Would it be accurate to call The House of Bernarda Alba a feminist work?
Lorca's play confines itself to only female characters. It explores their suffering under a world that allows men to follow their whims and expect forgiveness, while women are held to impossible standards. The play implicitly condemns attitudes that preclude female sexuality and force women to subscribe to unrealistic moral codes. Through Bernada, it provides its most damning commentary - so harsh are the expectations placed on women that a powerful matriarch herself reinforces those skewed values and acts like a man, as though the only way to have power is to ignore and betray her own femininity. And yet to call Lorca's play feminist is perhaps to subscribe too political a vision to it. His interest is in universal humanist themes - sex, death, repression - and to understand it only as a tract for women's rights would be to risk missing its more poetic exploration of larger themes. Regardless of how one answers the question, a feminist lens does provide some insight into the play.
Identify the tragic force of the play and the way it brings doom to Adela.
In a tragedy, the tragic force is that immutable force that a character attempts to battle, causing suffering and eventual defeat. In The House of Bernarda Alba, one could make an argument for a any of several of tragic forces. Perhaps the tragic force is sexuality. Adela is, like all her sisters, at the mercy of her sexual passions, consumed by them. However, where her sisters internalize their lust and it turns to bitterness, Adela forces it outwards and risks the shame and potential harm of a public affair with Pepe. One could argue that by trying to master her sexuality, Adela is defeated, as though her sexuality were too strong. One could also argue that the shackles placed on women provides the tragic force. By attempting to combat her limitations as a woman, Adela goes too far and dies. Another possible tragic force is repression. The real antagonist to Adela is her mother, who represents the forces of repression that Lorca would have understood from living in a newly fascist Spain. We see this when Adela breaks Bernarda's cane. What Adela wants more than Pepe or to fulfill her sexuality is to be free of shackles, of moral strictures, and of expectations. It is this repression more than anything that she combats, and which ultimately forces her to her tragic end.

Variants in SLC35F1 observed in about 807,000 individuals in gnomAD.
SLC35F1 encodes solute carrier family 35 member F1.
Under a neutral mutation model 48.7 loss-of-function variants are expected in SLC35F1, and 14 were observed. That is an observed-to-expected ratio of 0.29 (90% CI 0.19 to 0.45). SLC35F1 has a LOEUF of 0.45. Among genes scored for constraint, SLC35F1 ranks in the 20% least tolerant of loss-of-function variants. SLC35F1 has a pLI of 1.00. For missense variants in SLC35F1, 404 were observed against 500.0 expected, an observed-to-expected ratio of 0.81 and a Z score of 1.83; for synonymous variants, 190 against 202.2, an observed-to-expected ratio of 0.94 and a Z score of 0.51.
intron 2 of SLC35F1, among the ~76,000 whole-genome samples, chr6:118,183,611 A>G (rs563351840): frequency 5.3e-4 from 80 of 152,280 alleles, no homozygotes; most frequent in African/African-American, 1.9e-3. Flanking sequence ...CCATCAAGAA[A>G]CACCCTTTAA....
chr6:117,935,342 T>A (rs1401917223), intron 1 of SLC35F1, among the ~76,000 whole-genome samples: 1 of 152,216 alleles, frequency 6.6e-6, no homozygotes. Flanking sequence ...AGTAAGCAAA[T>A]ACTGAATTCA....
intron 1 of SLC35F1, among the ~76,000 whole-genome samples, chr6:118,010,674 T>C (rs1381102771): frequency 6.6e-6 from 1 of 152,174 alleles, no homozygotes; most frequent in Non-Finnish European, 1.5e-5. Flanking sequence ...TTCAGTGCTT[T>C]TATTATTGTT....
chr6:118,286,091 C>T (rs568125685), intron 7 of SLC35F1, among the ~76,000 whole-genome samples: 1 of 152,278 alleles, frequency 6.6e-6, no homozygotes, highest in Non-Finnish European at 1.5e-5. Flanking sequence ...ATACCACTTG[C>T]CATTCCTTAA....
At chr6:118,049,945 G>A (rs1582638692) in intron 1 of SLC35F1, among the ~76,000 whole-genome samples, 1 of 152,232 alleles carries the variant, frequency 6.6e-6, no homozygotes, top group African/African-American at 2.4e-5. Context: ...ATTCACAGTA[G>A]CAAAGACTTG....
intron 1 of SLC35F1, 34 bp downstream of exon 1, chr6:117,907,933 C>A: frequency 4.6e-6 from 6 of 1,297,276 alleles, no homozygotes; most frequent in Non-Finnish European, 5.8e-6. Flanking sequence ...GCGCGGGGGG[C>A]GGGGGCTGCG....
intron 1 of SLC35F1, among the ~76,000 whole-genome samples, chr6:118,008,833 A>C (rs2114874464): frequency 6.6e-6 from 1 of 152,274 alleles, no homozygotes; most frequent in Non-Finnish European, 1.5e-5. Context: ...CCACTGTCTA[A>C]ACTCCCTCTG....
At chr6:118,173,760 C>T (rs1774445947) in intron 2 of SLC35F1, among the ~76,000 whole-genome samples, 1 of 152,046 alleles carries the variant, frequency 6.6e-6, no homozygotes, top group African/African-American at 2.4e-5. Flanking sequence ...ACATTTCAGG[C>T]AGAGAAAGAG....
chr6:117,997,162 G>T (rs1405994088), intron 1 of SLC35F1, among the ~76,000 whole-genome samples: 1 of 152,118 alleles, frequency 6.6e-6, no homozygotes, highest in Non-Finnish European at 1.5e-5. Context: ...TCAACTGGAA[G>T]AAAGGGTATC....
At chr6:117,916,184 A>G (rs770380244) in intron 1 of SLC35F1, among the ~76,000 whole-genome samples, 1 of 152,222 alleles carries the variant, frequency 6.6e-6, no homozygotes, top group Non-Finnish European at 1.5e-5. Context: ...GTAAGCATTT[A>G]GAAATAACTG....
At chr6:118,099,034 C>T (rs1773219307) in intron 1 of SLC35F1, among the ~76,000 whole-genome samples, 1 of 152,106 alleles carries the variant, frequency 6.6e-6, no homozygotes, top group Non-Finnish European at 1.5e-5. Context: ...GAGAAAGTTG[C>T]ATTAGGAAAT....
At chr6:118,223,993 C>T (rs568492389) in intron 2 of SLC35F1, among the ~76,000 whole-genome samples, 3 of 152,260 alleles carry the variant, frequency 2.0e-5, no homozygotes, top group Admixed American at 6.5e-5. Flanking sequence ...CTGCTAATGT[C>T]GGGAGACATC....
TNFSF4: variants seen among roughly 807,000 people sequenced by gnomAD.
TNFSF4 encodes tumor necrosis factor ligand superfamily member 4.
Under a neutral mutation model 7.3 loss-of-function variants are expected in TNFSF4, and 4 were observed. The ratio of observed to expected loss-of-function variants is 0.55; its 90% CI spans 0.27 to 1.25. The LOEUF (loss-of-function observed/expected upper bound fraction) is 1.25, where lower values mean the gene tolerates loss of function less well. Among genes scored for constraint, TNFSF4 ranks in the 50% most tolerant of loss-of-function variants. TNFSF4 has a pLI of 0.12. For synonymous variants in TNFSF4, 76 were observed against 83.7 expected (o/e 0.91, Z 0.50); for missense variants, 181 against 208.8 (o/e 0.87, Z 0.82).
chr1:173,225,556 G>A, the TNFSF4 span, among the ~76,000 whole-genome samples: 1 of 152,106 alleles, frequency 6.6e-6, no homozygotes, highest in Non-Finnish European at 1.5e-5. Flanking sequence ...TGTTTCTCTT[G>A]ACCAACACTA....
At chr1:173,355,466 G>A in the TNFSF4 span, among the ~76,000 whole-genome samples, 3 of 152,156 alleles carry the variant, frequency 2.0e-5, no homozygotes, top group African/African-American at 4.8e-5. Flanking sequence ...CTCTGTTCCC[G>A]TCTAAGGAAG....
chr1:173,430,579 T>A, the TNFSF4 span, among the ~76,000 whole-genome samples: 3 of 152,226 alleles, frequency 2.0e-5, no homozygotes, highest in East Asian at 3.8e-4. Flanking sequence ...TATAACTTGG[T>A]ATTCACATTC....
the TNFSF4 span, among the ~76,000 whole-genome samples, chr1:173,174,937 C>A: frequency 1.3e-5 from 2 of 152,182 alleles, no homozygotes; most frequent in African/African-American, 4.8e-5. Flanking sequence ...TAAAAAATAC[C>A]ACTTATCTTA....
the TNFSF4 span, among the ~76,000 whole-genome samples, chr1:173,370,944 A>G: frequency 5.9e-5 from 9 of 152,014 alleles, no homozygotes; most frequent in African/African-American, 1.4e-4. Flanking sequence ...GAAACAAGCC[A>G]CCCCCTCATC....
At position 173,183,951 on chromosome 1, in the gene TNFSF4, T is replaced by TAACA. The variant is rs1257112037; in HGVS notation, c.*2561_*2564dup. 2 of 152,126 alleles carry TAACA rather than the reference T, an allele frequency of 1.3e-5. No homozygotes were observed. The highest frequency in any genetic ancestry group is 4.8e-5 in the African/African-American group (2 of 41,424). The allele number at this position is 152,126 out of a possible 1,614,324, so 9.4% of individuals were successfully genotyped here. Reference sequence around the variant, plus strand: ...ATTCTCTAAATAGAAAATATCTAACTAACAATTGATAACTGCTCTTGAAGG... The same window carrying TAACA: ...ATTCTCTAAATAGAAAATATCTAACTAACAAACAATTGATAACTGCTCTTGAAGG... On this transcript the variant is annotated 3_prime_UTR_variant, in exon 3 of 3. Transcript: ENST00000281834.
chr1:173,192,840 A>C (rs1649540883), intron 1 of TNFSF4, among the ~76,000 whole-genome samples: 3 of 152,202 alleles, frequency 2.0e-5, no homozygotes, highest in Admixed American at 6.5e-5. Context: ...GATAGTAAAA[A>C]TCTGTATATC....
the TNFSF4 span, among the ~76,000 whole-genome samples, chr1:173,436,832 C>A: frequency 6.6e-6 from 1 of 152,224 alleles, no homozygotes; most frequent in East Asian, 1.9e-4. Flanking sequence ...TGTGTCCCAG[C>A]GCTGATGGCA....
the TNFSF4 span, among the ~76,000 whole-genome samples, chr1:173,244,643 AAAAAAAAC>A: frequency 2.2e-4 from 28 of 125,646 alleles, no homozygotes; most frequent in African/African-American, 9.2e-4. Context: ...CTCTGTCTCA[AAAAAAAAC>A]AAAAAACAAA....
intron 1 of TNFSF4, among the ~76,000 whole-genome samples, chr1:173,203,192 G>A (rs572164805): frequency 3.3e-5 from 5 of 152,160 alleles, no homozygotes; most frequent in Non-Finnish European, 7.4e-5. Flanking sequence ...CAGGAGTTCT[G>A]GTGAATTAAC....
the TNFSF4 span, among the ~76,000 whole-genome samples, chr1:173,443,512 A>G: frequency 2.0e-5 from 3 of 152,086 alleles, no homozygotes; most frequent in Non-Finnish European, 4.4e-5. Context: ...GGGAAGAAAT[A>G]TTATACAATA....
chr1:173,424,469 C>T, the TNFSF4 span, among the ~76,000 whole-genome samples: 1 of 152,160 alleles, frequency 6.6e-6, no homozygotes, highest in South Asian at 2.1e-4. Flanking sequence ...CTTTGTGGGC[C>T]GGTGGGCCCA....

Do a character analysis of Pepe el Romano. What do we know about him, what does he represent, and how does he factor into the play?
Though Pepe is, like the other men of the village, never seen onstage, his presence looms as a major character. Much of the play is built of symbols, and Pepe is no different. In the simplest way, he is the catalyst for the play's main conflicts. By bringing the possibility of marriage to the Alba household, he is offering not only sexual freedom in a respectable venue, but also freedom from the tyranny of Bernarda. What he offers is so strong that it engulfs all the girls, to the point that he as a person almost does not matter. They do, however, continue to note his handsomeness, and indeed, his name, which translates to "the Roman," clues us into the way he is viewed as a hero. And yet what Pepe also represents is the ugly side of a man. The women never acknowledge Pepe's abhorrent behavior in courting both Angusitas and Adela. He represents the male license to misbehave and to treat women as objects, that is granted by women themselves. Pepe has been charged with too much power for him to ever live up to it, but so heavy are the chains of repression that he never would have to if he were to bring to any of the sisters the freedom they so desperately desire.